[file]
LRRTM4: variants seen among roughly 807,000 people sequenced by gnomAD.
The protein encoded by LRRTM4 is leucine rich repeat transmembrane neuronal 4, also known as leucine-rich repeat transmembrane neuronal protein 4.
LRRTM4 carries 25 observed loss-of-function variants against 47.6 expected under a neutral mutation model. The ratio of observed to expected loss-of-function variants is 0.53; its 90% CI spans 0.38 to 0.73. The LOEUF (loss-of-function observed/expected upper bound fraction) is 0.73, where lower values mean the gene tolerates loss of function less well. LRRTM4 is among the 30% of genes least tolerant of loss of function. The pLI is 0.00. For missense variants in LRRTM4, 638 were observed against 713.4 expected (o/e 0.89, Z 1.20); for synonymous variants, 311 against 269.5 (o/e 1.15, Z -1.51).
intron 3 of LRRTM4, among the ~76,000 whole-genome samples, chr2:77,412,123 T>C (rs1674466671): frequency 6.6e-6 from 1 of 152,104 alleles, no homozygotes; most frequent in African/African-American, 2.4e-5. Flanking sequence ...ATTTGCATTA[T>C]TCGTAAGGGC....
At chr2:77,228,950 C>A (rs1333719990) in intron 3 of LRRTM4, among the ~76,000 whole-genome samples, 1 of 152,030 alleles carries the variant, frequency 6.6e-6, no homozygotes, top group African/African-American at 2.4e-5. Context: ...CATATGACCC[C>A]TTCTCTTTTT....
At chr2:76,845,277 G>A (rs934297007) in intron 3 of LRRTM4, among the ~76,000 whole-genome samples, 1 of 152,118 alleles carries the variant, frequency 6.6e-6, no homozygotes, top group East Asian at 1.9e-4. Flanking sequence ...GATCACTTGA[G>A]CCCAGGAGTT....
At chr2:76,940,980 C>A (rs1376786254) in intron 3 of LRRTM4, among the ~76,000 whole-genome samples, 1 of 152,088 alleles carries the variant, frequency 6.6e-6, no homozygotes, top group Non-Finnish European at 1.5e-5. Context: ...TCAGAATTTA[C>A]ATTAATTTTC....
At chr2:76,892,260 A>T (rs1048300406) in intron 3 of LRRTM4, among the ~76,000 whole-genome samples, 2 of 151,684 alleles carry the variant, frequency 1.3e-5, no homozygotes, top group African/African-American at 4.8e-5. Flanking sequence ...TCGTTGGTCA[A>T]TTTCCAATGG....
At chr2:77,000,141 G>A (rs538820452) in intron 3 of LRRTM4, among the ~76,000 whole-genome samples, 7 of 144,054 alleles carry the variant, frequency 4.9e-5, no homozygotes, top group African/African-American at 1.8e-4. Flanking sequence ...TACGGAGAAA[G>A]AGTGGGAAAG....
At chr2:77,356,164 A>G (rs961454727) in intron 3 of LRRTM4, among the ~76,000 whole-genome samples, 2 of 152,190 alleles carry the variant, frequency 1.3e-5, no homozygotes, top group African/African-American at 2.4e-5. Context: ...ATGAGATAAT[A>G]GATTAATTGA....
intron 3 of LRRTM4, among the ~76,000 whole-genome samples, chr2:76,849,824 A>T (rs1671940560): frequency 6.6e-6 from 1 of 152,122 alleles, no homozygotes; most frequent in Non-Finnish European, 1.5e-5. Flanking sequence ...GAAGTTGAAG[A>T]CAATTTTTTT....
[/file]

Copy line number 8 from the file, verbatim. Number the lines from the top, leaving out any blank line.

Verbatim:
At chr2:76,892,260 A>T (rs1048300406) in intron 3 of LRRTM4, among the ~76,000 whole-genome samples, 2 of 151,684 alleles carry the variant, frequency 1.3e-5, no homozygotes, top group African/African-American at 4.8e-5. Flanking sequence ...TCGTTGGTCA[A>T]TTTCCAATGG....